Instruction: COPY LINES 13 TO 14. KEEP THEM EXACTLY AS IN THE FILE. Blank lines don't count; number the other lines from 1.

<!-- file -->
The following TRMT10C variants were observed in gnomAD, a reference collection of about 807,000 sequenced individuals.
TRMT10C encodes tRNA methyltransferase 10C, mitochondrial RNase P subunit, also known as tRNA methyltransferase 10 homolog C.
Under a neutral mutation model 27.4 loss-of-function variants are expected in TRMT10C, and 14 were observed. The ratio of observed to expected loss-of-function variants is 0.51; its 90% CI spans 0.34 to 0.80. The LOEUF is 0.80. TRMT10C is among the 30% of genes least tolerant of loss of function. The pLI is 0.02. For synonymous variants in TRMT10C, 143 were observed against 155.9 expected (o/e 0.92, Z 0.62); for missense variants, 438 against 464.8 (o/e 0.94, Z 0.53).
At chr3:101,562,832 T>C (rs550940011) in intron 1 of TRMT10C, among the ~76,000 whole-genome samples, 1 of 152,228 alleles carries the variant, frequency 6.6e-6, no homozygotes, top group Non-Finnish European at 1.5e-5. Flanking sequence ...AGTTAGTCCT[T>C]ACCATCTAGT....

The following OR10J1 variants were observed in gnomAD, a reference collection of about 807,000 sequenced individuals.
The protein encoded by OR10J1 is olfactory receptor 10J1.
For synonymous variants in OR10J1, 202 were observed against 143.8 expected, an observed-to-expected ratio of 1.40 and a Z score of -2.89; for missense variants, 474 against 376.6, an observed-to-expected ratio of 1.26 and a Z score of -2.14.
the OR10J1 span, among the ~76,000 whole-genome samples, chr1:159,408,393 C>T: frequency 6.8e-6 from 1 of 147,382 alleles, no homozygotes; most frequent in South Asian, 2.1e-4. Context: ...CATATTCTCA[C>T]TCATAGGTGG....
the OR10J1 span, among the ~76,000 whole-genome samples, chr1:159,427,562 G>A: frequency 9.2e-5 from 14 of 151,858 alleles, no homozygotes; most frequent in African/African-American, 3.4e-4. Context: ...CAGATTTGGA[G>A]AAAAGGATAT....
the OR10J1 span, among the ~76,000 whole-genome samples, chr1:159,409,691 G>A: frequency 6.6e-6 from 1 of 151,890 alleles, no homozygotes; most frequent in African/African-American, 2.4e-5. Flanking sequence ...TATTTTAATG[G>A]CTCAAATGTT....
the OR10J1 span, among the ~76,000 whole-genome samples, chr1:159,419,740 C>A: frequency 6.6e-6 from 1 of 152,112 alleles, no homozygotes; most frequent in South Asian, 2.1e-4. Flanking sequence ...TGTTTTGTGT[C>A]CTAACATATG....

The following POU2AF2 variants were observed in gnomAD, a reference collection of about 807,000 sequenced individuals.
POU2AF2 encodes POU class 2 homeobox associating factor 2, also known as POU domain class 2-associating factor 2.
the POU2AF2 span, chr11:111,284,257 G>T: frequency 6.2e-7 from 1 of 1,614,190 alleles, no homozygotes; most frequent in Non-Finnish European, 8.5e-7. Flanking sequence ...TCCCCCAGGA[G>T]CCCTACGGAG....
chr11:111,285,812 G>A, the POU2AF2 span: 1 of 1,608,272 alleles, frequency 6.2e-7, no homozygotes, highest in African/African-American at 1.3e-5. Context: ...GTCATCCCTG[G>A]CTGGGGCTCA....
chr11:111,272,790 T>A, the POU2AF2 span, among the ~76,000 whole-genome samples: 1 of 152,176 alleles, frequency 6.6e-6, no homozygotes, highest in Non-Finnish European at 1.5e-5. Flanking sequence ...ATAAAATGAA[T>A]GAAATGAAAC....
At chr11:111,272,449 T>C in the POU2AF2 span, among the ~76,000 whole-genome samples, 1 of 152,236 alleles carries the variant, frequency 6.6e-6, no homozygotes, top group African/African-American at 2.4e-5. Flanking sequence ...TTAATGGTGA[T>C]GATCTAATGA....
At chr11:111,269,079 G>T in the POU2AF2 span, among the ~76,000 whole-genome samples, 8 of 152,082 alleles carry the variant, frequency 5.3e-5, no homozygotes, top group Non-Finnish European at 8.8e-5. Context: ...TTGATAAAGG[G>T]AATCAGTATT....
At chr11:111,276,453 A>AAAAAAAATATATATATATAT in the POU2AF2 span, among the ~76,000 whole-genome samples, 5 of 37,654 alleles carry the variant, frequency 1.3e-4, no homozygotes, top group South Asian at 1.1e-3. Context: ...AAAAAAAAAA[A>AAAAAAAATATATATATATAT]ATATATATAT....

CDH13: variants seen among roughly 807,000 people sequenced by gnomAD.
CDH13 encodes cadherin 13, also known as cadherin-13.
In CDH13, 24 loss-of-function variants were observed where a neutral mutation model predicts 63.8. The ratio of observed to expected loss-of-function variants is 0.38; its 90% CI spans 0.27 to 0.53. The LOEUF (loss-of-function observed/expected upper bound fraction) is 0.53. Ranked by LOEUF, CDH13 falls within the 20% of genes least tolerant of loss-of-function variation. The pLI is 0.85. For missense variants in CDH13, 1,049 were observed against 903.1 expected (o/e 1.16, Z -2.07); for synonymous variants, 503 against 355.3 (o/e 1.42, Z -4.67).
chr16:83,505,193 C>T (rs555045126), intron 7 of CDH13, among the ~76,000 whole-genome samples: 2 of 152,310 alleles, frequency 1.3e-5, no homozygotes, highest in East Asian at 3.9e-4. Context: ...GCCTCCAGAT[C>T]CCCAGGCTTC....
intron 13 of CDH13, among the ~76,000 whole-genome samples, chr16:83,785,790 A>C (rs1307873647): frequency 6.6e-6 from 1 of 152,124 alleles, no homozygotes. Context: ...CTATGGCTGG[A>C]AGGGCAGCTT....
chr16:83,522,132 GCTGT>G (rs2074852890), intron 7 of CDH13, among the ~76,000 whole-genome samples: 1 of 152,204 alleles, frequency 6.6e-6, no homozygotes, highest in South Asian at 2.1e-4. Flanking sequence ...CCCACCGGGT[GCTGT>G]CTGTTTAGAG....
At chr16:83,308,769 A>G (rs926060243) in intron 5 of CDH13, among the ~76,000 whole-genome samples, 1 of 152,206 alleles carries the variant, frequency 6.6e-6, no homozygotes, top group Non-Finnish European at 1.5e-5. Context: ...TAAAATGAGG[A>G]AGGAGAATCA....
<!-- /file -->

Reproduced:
POU2AF2 encodes POU class 2 homeobox associating factor 2, also known as POU domain class 2-associating factor 2.
the POU2AF2 span, chr11:111,284,257 G>T: frequency 6.2e-7 from 1 of 1,614,190 alleles, no homozygotes; most frequent in Non-Finnish European, 8.5e-7. Flanking sequence ...TCCCCCAGGA[G>T]CCCTACGGAG....